Betrayal (1978) overview
Harold Pinter’s 1978 play employs a reverse-chronological structure to tell the story of an extra-marital affair. Inspired by Pinter’s own seven-year affair with Joan Bakewell – who would also write a play, Keeping in Touch, in order to tell her side of the story – Betrayal is a three-hander in which a number of different betrayals are shown to take place.
Emma is having an affair with Jerry, a close friend of her husband, Robert. Jerry is also married, to Judith. For five years this relationship is clandestine, but then Emma confesses her infidelity to Robert – producing another betrayal in the context of the play.
The scenes unfold in reverse order. The play starts in 1977, when Jerry and Emma meet in a pub for the first time since the affair had ended two years previously. It’s a scene of restraint and melancholy; the pain is only semi-softened by the passing of time. The play’s final scene ends when the affair begins, in 1968, at a party in which Jerry declares his love for Emma.
There are nine scenes in all. Emma and Jerry acquire a small London flat in which to conduct their affair. The pivotal scene takes place in a hotel room in Venice where Robert and Emma are on holiday. Robert discovers Emma has received a letter from Jerry, and Emma admits she’s been having an affair with him.
Both the affair and Robert and Jerry’s friendship continue after this, though the relationship between all of them has altered. The play’s particular chronology lends an extra emotional weight to each scene. The audience knows where the characters are headed and the impact of their choices on all of their lives. The dialogue is typically economical, but Pinter loads it with meaning and power-play between all three characters.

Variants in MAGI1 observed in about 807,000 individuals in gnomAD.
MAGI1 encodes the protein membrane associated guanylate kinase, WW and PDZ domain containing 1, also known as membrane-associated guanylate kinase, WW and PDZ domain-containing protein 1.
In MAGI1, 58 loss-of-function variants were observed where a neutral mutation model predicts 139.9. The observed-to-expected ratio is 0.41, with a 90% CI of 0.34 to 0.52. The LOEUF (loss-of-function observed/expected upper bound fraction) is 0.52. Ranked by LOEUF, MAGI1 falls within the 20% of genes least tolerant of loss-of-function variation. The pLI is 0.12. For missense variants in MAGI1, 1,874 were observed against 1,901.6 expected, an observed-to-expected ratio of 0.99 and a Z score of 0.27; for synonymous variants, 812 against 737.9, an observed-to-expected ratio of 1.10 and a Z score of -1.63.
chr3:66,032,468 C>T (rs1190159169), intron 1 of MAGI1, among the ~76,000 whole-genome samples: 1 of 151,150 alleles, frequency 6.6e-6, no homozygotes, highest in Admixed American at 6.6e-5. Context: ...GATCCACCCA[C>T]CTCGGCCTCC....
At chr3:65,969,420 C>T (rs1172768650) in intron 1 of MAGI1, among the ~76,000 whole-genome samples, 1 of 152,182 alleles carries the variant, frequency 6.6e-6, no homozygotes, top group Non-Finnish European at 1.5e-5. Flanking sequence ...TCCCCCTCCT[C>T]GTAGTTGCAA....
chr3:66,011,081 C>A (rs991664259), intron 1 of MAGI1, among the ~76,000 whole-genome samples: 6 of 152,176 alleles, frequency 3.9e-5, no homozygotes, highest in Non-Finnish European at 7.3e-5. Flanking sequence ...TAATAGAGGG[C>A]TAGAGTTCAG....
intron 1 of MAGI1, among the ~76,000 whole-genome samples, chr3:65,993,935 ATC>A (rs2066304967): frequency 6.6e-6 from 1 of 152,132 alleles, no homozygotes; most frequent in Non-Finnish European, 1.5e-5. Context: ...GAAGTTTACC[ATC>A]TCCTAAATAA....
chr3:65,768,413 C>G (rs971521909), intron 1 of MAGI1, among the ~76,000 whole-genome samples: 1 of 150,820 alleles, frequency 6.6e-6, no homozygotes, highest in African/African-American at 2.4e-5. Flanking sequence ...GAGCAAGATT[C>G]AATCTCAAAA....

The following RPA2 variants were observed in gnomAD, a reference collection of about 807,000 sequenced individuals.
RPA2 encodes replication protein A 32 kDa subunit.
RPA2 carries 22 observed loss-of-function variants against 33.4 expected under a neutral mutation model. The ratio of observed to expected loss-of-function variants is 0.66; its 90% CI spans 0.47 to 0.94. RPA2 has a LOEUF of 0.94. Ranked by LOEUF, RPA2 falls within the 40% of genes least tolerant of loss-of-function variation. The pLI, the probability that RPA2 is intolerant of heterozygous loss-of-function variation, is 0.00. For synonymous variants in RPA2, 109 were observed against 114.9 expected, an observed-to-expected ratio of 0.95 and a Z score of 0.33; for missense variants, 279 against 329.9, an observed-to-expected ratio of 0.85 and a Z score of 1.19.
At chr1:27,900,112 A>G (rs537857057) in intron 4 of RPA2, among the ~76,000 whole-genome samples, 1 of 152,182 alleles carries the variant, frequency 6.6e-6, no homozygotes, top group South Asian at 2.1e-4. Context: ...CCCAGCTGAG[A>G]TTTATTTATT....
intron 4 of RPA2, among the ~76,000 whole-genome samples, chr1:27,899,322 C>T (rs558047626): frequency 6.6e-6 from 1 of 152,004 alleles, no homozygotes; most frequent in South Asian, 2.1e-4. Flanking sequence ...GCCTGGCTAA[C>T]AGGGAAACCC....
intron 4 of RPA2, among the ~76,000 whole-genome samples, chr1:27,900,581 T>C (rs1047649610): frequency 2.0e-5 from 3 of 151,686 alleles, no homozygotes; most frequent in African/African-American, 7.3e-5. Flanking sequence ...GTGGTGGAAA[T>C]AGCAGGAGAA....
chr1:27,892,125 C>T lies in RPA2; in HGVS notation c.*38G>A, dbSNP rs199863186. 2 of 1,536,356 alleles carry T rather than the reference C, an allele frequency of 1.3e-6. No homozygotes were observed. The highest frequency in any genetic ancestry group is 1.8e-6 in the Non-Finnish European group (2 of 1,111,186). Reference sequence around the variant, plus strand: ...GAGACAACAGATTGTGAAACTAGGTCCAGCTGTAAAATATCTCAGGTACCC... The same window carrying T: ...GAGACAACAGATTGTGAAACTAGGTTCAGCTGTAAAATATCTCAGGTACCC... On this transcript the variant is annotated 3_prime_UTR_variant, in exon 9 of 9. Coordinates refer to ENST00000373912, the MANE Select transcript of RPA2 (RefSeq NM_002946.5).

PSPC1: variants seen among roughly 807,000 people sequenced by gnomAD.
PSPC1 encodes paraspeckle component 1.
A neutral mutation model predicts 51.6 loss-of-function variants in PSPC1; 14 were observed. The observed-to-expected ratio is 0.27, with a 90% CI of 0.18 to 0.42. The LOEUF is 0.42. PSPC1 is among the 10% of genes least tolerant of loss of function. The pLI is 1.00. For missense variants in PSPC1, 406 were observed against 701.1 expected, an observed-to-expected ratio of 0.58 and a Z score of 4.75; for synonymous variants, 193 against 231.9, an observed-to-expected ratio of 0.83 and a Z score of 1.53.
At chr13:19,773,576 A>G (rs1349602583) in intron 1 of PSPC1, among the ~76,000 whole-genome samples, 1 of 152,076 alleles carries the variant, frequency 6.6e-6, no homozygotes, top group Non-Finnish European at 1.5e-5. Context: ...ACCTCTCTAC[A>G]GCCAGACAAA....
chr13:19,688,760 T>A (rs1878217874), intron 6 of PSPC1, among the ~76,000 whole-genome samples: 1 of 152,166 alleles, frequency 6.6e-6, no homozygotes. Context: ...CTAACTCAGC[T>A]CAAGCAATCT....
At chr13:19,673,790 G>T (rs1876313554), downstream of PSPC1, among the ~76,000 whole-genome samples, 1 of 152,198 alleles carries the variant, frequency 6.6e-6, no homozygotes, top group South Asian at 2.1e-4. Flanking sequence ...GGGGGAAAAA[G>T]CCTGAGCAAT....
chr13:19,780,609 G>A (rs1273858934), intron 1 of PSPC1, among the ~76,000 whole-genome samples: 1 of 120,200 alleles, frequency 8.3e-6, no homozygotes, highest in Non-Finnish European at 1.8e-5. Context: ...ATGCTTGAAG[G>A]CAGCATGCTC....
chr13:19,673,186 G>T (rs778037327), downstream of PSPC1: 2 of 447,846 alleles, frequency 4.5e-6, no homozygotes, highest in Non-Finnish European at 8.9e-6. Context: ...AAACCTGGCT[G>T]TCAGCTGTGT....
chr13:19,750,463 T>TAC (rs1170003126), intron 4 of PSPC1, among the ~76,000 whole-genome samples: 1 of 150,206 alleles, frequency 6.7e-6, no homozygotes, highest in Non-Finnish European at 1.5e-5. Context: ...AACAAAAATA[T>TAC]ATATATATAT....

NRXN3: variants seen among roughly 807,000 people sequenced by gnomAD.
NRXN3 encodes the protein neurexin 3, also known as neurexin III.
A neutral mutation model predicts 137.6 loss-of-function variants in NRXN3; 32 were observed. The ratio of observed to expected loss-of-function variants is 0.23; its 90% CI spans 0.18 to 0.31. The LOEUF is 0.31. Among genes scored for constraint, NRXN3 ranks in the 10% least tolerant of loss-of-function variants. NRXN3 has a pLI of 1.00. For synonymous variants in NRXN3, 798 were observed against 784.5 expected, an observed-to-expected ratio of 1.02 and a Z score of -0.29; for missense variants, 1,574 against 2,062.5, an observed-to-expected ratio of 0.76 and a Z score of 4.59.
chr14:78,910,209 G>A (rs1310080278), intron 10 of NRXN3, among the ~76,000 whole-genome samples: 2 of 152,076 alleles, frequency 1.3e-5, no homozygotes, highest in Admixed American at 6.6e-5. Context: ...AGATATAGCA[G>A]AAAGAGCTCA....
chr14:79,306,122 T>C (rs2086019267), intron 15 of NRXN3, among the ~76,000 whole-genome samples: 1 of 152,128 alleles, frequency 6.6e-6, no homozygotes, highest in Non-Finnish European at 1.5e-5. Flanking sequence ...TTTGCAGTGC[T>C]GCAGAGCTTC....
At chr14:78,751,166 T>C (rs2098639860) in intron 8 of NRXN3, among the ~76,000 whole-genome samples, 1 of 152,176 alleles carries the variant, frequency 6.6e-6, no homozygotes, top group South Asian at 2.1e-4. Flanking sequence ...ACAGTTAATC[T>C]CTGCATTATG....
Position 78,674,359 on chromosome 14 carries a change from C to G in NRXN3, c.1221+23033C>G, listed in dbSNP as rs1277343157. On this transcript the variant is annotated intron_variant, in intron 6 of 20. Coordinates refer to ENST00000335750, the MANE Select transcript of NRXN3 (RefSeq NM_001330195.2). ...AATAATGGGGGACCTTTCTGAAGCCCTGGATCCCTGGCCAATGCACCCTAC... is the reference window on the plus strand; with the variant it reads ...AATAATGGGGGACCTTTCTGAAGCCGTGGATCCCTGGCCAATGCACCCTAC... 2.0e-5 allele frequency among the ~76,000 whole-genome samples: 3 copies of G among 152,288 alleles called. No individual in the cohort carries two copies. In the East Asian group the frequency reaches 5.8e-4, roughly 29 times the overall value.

Key productions of Betrayal
Betrayal was first produced by the National Theatre in 1978, with Penelope Wilton as Emma, Michael Gambon as Jerry and Daniel Massey as Robert. It has been revived many times since, in many countries. Peter Hall directed its Broadway premiere in 1980. A 2011 West End production was directed by Ian Rickson and starred Kristin Scott Thomas, Douglas Henshall and Ben Miles.
- Article by:
- Michael Billington
- 20th-century theatre
Michael Billington recounts the strong reactions that critics had to early performances of The Birthday Party, and examines the way that Pinter's play engages with ideas about menace, memory and political resistance.
- Article by:
- William McEvoy
- Gender and sexuality, 20th-century theatre
In Harold Pinter's Betrayal, an affair and its revelation are portrayed in reverse chronological order. William McEvoy explores how this reversal focuses our attention on the ways in which meaning and knowledge are constructed, and on the ability of language to hide as much as it reveals.